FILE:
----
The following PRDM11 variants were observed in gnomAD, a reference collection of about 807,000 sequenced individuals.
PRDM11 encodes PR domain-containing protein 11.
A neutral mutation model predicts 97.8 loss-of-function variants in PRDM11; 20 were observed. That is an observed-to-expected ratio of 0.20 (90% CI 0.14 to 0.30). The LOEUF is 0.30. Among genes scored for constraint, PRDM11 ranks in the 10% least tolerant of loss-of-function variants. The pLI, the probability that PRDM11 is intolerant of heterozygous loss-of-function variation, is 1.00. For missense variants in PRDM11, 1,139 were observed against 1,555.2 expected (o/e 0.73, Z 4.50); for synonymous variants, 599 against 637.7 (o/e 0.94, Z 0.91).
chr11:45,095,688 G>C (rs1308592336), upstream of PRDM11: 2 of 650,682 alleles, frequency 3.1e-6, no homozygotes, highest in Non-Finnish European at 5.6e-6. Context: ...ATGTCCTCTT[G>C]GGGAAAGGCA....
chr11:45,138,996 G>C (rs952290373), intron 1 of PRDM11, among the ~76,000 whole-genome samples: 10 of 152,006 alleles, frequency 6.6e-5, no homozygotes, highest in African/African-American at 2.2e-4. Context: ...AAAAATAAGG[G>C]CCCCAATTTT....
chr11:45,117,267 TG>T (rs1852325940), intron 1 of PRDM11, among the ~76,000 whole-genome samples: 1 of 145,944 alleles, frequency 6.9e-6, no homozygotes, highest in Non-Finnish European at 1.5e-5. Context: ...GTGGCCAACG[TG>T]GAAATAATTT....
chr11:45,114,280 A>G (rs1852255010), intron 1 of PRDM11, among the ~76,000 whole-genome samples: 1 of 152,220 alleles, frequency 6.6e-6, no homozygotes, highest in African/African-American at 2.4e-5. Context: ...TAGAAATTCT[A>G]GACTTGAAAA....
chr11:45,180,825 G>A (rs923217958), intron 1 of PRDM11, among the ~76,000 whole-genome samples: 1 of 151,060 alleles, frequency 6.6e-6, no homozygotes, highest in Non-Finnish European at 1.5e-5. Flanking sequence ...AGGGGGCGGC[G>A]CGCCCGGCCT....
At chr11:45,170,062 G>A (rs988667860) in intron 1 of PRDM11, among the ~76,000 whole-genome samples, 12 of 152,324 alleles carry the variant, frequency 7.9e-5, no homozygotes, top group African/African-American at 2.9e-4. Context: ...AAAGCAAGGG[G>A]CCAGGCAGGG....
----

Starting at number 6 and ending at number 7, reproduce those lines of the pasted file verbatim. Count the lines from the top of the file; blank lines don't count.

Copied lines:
chr11:45,117,267 TG>T (rs1852325940), intron 1 of PRDM11, among the ~76,000 whole-genome samples: 1 of 145,944 alleles, frequency 6.9e-6, no homozygotes, highest in Non-Finnish European at 1.5e-5. Context: ...GTGGCCAACG[TG>T]GAAATAATTT....
chr11:45,114,280 A>G (rs1852255010), intron 1 of PRDM11, among the ~76,000 whole-genome samples: 1 of 152,220 alleles, frequency 6.6e-6, no homozygotes, highest in African/African-American at 2.4e-5. Context: ...TAGAAATTCT[A>G]GACTTGAAAA....